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How to Paint High Energy, Splatter-Style Floral Art

07/30/2022 19:14:42 +0000
I still remember the image a friend sent to me via a FB link: a gorgeous field of green with splatters of the rainbow in every kind of color imaginable – a dream field of flowers set against a sky of calm, cerulean blue, unlike anything I'd seen in real life.

That image of layers, splatters, and blobs of colors of acrylic paint on canvas could not, would not leave my mind.

Splattering acrylic art works well because acrylic art dries fast and the paint doesn't really merge on the canvas.

Unlike watercolor, acrylic layers and sits next to other colors very nicely. Acrylic paint respects the boundaries of the other paint, while watercolor paint knows no boundaries! It merges with everything and travels where it wishes, as long as it is watery enough.

However, acrylic paint also stains everything.

Get acrylic on your clothes, the table, the floor, your skin, your hair (I've done it all!) and it is not coming out or off without a lot of scrubbing and some sort of cleaner.

While I love acrylic, it didn't really work (and often still doesn't work now) for creating in the margins of life, those times when I have fifteen or thirty minutes to create and I don't want to spend half of the time prepping!

I began to dream about creating floral art with a splatter style, but with watercolor.
I started playing and things started working!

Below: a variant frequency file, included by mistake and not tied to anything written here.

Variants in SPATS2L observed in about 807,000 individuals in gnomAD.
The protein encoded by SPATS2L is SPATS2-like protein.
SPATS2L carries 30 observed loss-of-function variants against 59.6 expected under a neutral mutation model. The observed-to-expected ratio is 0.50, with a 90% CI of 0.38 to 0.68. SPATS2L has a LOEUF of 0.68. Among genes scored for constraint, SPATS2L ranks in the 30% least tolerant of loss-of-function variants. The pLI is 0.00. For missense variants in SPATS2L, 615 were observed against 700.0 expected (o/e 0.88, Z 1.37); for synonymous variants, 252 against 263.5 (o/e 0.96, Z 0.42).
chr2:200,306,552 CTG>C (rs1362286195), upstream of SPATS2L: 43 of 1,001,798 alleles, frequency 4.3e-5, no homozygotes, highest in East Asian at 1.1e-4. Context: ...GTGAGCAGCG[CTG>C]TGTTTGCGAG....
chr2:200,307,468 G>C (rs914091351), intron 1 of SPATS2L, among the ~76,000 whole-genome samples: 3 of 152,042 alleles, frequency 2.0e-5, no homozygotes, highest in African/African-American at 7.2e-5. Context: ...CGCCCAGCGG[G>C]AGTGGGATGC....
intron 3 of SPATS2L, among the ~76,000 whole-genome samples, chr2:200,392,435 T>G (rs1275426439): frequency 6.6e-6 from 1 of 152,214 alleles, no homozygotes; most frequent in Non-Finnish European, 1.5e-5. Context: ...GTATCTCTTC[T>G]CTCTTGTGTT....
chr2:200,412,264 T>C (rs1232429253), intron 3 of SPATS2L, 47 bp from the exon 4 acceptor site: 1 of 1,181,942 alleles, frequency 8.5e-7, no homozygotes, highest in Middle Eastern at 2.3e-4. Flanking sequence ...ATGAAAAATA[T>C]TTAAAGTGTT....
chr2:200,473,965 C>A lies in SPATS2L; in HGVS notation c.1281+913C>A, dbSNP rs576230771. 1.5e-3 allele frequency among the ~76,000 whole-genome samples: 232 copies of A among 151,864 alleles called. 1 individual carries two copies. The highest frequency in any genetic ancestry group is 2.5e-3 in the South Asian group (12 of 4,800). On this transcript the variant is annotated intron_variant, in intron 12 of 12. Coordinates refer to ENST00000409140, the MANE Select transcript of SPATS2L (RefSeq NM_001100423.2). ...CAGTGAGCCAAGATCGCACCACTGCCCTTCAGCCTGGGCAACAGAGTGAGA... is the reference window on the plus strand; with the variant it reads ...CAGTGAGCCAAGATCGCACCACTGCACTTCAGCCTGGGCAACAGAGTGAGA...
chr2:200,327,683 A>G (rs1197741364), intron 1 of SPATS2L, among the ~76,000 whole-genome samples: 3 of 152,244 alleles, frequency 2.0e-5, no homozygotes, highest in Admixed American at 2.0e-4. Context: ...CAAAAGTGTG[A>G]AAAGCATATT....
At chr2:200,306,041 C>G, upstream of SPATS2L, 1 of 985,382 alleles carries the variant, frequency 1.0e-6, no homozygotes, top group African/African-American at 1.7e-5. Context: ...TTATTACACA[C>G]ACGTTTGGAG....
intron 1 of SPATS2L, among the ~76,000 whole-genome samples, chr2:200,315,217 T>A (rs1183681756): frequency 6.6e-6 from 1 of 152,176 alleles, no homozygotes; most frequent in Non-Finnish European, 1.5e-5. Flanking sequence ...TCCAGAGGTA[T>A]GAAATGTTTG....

Plus, and this was huge for me, I could create these lovely floral pieces of art without a lot of sketching! Adding color and paint is my favorite part of the process.
 
Being able to {mostly} skip sketching and jump right into color makes me smile!
How to Paint Flowers with a Splatter Art Style
Gather your supplies: the paints, a few round brushes of various sizes (different sizes will create different size splattering), paint, clean water, and a pencil, and a micron pen (pen is optional, I use it for details).

Make sure your paper is taped down well. We are going to add a lot of wetness to the paper, and we want to do everything we can to ensure it does not buckle.

Have a few pieces of watercolor paper of various sizes to cover the parts of the painting you don't want splatters to get on.

Those splatter cover sheets will eventually be used for others splatter style art – I've found having a background of splattering makes for a fun and eye-catching canvas for the next painting!

Once you have it taped down, add any essential lines and sketching.
 

In the course, Paint Exuberant Flowers, the only sketching we do is to outline where the stem is and any distinctive lines for the shapes of the flowers.

For the sunflower, for example, I sketch out the face as a few of the stems.

For the lupines, I sketch out where the layers of the petals and stems are. These are guidelines, more than a detailed sketch, so I know where to splatter, especially with different colors.

It helps to either have live flowers or an image in front of you to guide you to where the colors are, how the shapes shift, and where the shadows fall.

Cover up the areas where you don't want the first layer of paint to go.

Begin to splatter the first layer of paint, coming in closer to the paper where you want the splatters to be more distinctive. Let lots of the white paper come through. We do not want a solid mass of color.